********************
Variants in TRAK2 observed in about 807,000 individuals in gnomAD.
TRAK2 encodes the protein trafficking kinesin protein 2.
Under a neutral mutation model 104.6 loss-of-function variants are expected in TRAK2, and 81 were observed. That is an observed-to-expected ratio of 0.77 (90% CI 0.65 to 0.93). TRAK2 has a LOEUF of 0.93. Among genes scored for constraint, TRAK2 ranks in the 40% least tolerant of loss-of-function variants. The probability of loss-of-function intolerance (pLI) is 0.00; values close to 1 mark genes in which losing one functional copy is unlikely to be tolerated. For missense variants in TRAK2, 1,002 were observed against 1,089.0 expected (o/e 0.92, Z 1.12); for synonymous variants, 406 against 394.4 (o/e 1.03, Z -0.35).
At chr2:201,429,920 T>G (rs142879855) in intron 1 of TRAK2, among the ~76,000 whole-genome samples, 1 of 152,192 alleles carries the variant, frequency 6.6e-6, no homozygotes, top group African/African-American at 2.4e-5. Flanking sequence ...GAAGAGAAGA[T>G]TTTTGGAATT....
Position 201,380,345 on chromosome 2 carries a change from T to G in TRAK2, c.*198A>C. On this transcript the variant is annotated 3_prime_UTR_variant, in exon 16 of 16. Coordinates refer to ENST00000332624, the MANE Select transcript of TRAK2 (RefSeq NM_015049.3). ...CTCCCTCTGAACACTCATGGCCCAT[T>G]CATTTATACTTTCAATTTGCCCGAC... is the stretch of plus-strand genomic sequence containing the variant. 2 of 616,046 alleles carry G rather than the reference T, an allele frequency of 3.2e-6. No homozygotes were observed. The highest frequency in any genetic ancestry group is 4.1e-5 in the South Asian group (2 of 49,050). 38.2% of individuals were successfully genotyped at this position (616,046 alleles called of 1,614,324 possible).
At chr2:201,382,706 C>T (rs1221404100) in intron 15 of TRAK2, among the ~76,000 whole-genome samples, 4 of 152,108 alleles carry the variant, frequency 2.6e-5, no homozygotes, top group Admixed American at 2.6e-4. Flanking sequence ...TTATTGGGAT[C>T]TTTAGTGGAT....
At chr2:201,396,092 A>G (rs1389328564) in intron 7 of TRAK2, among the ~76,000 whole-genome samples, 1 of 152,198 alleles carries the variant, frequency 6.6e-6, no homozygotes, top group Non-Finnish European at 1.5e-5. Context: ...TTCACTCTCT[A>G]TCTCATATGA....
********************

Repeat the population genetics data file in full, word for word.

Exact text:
Variants in TRAK2 observed in about 807,000 individuals in gnomAD.
TRAK2 encodes the protein trafficking kinesin protein 2.
Under a neutral mutation model 104.6 loss-of-function variants are expected in TRAK2, and 81 were observed. That is an observed-to-expected ratio of 0.77 (90% CI 0.65 to 0.93). TRAK2 has a LOEUF of 0.93. Among genes scored for constraint, TRAK2 ranks in the 40% least tolerant of loss-of-function variants. The probability of loss-of-function intolerance (pLI) is 0.00; values close to 1 mark genes in which losing one functional copy is unlikely to be tolerated. For missense variants in TRAK2, 1,002 were observed against 1,089.0 expected (o/e 0.92, Z 1.12); for synonymous variants, 406 against 394.4 (o/e 1.03, Z -0.35).
At chr2:201,429,920 T>G (rs142879855) in intron 1 of TRAK2, among the ~76,000 whole-genome samples, 1 of 152,192 alleles carries the variant, frequency 6.6e-6, no homozygotes, top group African/African-American at 2.4e-5. Flanking sequence ...GAAGAGAAGA[T>G]TTTTGGAATT....
Position 201,380,345 on chromosome 2 carries a change from T to G in TRAK2, c.*198A>C. On this transcript the variant is annotated 3_prime_UTR_variant, in exon 16 of 16. Coordinates refer to ENST00000332624, the MANE Select transcript of TRAK2 (RefSeq NM_015049.3). ...CTCCCTCTGAACACTCATGGCCCAT[T>G]CATTTATACTTTCAATTTGCCCGAC... is the stretch of plus-strand genomic sequence containing the variant. 2 of 616,046 alleles carry G rather than the reference T, an allele frequency of 3.2e-6. No homozygotes were observed. The highest frequency in any genetic ancestry group is 4.1e-5 in the South Asian group (2 of 49,050). 38.2% of individuals were successfully genotyped at this position (616,046 alleles called of 1,614,324 possible).
At chr2:201,382,706 C>T (rs1221404100) in intron 15 of TRAK2, among the ~76,000 whole-genome samples, 4 of 152,108 alleles carry the variant, frequency 2.6e-5, no homozygotes, top group Admixed American at 2.6e-4. Flanking sequence ...TTATTGGGAT[C>T]TTTAGTGGAT....
At chr2:201,396,092 A>G (rs1389328564) in intron 7 of TRAK2, among the ~76,000 whole-genome samples, 1 of 152,198 alleles carries the variant, frequency 6.6e-6, no homozygotes, top group Non-Finnish European at 1.5e-5. Context: ...TTCACTCTCT[A>G]TCTCATATGA....